Over the years, I’ve described a number of techniques to identify opportunities for reducing waste while improving customer satisfaction. One such technique is Value Stream Mapping, which uses quantities of inventory throughout the process to illustrate the relationship between value-added and non-value added activities. Another option is Process Mapping, which we’ll discuss in further detail.
A process map can be used to describe any process in manufacturing or the administrative side of the business. Instead of employing a measure of inventory, it relies on process durations and system quality measures to uncover waste. Although a range of information can be included in a process map, I typically focus on several key topics:
Process time– the time required to complete the process. This can also be described as “touch time,” or the time spent actually doing the work required of the process.
Elapsed time or lead-time–the duration of time from the point at which the process is ready to begin until the time the process is completed. This elapsed time consists of the process time itself and any delays that occur before the process can begin, or that prevent the process from being finished after it is started.
||Activity||Process Time (min)||
|2||Get/load tools into machine||4||20||98%|
|3||Get/load material into machine||1||20||97%|
Percent Complete and Accurate–a measure of the quality of the input to the process. A complete and accurate figure of 90 percent would indicate that nine times out of ten, information is complete and accurate enough to start and finish the process. Relating this measure to the prior examples cited, if a print or process sheet did not have sufficient information, then the machining process could not be completed. If two out of ten machining jobs are delayed because of incomplete or inaccurate information, then the percent complete and accurate for this machining process would be 80 percent.
The process map is a listing of every step in the process, along with each step’s process time, elapsed time, and percent complete and accurate measure.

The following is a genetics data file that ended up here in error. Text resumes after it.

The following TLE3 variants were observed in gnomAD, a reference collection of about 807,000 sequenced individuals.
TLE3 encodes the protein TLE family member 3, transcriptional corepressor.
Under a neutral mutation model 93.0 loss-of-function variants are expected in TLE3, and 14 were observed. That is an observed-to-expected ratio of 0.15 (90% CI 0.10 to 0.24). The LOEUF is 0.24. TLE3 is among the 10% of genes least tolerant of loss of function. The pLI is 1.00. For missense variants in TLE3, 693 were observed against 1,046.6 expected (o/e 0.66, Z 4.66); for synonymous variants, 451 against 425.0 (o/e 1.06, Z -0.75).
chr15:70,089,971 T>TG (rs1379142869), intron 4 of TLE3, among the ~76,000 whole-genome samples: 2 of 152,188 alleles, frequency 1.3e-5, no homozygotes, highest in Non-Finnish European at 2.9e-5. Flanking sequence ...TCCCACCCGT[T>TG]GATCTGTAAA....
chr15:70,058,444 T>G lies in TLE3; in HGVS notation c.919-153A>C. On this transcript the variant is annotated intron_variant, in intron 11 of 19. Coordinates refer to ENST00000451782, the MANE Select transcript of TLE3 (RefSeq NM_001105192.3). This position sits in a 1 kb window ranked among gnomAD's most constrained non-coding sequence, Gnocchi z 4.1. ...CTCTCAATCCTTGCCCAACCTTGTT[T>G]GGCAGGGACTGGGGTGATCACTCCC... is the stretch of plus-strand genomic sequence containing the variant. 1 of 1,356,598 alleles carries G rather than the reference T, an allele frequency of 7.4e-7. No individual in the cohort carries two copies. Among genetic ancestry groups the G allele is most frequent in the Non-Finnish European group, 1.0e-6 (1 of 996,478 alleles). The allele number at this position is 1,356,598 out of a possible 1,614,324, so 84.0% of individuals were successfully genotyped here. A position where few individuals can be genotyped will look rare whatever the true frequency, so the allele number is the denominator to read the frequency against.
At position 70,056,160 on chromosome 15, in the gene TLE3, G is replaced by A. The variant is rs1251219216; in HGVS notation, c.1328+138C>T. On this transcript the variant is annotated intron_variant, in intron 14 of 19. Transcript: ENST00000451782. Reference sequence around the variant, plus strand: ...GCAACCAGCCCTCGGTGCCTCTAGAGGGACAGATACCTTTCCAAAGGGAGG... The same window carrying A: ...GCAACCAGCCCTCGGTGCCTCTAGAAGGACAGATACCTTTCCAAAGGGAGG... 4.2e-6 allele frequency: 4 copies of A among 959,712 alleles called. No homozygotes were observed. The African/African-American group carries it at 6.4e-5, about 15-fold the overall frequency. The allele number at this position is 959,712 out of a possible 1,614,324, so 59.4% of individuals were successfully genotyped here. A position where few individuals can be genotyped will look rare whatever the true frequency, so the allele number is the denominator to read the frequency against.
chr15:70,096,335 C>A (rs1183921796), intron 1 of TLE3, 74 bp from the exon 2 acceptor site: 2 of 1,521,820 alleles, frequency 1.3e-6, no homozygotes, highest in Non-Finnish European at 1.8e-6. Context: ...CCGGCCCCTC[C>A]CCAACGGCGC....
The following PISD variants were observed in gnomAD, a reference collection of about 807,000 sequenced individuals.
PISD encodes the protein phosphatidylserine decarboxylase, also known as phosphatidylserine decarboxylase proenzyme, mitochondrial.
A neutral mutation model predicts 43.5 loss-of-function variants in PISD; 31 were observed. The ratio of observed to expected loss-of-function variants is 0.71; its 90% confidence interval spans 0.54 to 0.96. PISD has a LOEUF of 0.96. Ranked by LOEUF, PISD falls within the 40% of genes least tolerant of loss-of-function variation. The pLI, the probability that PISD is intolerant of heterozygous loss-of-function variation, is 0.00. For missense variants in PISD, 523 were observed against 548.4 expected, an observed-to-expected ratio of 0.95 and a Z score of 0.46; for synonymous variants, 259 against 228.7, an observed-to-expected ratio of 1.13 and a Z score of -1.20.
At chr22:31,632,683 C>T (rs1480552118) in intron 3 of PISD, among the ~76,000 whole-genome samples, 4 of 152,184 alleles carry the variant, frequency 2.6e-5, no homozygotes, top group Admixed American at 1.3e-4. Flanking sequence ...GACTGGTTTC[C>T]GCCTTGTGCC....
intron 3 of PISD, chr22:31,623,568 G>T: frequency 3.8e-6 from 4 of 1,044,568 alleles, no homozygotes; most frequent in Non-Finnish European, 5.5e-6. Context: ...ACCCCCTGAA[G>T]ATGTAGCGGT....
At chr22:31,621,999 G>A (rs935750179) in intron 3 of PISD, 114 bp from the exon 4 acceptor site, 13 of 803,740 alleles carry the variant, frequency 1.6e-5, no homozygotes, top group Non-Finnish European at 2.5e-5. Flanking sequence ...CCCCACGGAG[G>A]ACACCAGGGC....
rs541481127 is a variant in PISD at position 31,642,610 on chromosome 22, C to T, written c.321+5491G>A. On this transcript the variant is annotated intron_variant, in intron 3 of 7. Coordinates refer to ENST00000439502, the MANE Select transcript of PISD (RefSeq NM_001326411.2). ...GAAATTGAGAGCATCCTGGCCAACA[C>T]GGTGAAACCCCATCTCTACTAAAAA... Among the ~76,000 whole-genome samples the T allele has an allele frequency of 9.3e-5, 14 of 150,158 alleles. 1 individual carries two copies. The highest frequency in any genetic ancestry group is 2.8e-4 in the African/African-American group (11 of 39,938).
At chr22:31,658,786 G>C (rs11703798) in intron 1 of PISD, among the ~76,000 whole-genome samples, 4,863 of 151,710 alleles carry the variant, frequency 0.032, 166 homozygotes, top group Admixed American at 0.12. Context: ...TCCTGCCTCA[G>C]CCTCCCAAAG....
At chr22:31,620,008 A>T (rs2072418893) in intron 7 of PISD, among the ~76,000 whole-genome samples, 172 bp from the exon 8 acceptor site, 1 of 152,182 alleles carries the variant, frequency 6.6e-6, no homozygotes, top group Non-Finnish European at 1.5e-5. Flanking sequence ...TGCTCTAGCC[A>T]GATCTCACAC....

It can be quite revealing when process times and elapsed times are totaled and then compared. In the example shown to the right, there are 13.5 minutes of process time (or value added time) and 182 minutes of elapsed time. The difference between the Total Process Time and the Total Elapsed Time represents the waste in the process. Put another way, it takes a little over 3 hours to complete 13.5 minutes of work. If just a portion of this time could be reduced, then the result would be faster part throughput, and more importantly, improved customer satisfaction. The Total Percent Complete and Accurate figure measures the overall quality of the process. This figure is arrived at by multiplying all of the individual process measures. The 93 percent Complete and Accurate measure in step 1 is multiplied by the 98 percent Complete and Accurate measure in step 2, then the 97 percent Complete and Accurate measure in step 3 and so forth. The result is an overall Percent Complete and Accurate measure of 80 percent (eight out of ten jobs go through the entire process without the problem of incomplete or inaccurate information).
Don’t discount the value of a simple process map when looking for improvement opportunities in your organization.